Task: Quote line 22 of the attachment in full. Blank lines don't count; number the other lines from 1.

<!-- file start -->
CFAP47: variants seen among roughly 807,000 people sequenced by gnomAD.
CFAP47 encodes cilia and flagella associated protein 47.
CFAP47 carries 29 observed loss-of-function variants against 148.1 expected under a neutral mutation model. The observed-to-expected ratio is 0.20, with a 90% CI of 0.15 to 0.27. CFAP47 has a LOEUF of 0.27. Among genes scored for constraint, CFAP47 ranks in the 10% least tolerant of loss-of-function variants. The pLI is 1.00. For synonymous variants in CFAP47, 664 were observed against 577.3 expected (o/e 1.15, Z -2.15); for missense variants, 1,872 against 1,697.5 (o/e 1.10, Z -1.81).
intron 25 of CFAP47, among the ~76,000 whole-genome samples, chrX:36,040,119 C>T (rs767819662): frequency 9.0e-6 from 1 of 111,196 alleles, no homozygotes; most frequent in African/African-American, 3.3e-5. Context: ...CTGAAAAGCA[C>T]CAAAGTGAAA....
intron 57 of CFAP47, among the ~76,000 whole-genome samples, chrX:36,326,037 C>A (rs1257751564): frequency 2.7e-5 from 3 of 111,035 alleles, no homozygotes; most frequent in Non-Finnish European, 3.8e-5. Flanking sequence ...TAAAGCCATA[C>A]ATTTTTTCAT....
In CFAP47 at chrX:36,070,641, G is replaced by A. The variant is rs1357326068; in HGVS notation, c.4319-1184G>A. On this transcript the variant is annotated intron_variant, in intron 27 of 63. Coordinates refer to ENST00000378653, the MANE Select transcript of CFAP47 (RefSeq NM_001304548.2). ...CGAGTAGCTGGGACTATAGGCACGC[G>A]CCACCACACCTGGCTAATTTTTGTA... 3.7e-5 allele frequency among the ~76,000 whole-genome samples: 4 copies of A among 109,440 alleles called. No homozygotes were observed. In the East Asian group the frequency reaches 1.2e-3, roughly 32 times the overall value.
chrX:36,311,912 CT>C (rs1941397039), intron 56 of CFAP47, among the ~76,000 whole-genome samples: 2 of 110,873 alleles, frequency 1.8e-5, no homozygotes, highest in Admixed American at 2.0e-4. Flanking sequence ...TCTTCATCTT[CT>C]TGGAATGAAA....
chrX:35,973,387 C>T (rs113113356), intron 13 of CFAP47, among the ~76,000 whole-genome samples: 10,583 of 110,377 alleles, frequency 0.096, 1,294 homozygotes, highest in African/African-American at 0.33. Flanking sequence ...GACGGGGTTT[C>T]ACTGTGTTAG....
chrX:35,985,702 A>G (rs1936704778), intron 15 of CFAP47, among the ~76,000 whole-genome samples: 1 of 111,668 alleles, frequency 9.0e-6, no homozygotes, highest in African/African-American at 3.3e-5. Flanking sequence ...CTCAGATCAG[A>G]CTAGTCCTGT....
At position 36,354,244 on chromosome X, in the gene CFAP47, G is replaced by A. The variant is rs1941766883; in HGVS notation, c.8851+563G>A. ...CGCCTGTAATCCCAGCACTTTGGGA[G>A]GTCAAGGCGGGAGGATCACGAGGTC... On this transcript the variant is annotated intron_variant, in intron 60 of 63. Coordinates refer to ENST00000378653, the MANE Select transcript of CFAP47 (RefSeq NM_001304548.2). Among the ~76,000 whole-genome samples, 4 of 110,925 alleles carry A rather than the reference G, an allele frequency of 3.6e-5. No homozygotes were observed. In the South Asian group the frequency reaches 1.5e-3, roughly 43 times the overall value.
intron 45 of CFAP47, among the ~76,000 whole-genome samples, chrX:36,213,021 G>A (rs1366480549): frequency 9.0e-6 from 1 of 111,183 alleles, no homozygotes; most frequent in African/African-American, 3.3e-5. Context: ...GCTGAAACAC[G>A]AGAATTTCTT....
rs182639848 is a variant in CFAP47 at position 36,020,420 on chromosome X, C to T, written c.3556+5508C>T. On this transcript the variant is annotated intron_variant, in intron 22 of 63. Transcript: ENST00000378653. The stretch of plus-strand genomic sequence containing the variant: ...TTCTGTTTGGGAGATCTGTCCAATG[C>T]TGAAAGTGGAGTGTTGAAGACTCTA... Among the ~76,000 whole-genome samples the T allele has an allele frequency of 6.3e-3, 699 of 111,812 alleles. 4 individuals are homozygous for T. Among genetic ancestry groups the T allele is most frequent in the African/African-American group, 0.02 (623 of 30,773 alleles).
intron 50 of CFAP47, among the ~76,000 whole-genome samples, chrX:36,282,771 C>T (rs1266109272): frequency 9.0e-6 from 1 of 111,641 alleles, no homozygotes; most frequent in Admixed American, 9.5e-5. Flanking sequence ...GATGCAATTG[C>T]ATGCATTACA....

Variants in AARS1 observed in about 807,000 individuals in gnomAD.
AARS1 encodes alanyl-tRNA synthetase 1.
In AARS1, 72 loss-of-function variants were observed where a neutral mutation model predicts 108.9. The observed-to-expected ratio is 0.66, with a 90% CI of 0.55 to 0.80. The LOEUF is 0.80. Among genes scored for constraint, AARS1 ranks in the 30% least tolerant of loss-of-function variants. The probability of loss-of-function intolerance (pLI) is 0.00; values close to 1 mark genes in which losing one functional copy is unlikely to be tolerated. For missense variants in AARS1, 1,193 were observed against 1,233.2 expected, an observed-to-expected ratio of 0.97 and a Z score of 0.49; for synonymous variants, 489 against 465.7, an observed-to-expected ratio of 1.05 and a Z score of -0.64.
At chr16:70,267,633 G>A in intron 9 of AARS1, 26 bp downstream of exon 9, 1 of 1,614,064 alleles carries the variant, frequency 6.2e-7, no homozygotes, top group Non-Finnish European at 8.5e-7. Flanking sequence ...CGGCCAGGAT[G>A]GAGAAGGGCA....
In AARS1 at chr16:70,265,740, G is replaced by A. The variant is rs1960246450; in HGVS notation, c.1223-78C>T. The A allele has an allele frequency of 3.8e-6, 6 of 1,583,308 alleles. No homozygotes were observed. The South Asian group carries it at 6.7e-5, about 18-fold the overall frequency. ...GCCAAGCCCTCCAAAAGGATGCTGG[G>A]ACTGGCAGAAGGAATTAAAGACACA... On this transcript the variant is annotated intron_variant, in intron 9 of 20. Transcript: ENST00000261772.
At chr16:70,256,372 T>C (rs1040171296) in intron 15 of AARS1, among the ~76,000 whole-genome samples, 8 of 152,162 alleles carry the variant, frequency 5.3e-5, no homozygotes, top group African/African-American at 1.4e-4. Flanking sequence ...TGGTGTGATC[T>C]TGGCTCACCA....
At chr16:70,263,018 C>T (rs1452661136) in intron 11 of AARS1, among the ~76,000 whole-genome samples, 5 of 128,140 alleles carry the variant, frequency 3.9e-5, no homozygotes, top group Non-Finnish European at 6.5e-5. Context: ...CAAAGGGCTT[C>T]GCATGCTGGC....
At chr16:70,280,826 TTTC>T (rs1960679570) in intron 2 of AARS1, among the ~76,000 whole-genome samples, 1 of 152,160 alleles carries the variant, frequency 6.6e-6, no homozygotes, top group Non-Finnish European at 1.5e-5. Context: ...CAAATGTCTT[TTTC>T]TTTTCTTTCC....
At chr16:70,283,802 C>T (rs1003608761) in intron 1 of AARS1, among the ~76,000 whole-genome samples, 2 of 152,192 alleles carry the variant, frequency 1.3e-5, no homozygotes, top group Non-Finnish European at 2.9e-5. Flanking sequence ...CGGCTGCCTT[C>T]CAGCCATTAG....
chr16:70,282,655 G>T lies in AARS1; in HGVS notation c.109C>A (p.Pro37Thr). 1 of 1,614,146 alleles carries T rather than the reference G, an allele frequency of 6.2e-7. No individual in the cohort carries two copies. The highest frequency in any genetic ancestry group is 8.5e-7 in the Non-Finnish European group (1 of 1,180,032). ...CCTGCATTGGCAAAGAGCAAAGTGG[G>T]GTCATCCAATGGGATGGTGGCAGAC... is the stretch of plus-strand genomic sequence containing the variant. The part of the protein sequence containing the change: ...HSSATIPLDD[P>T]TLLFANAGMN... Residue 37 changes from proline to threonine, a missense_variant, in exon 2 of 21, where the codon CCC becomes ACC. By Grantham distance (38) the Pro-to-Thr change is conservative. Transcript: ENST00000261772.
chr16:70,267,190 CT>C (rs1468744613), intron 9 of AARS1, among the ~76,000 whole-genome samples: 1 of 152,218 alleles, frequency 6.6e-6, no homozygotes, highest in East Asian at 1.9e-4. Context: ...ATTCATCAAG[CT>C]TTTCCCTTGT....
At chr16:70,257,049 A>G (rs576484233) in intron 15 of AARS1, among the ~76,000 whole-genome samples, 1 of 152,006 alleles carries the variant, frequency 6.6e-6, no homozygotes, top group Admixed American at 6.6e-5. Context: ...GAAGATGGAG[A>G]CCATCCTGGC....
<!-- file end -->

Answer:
At chr16:70,283,802 C>T (rs1003608761) in intron 1 of AARS1, among the ~76,000 whole-genome samples, 2 of 152,192 alleles carry the variant, frequency 1.3e-5, no homozygotes, top group Non-Finnish European at 2.9e-5. Flanking sequence ...CGGCTGCCTT[C>T]CAGCCATTAG....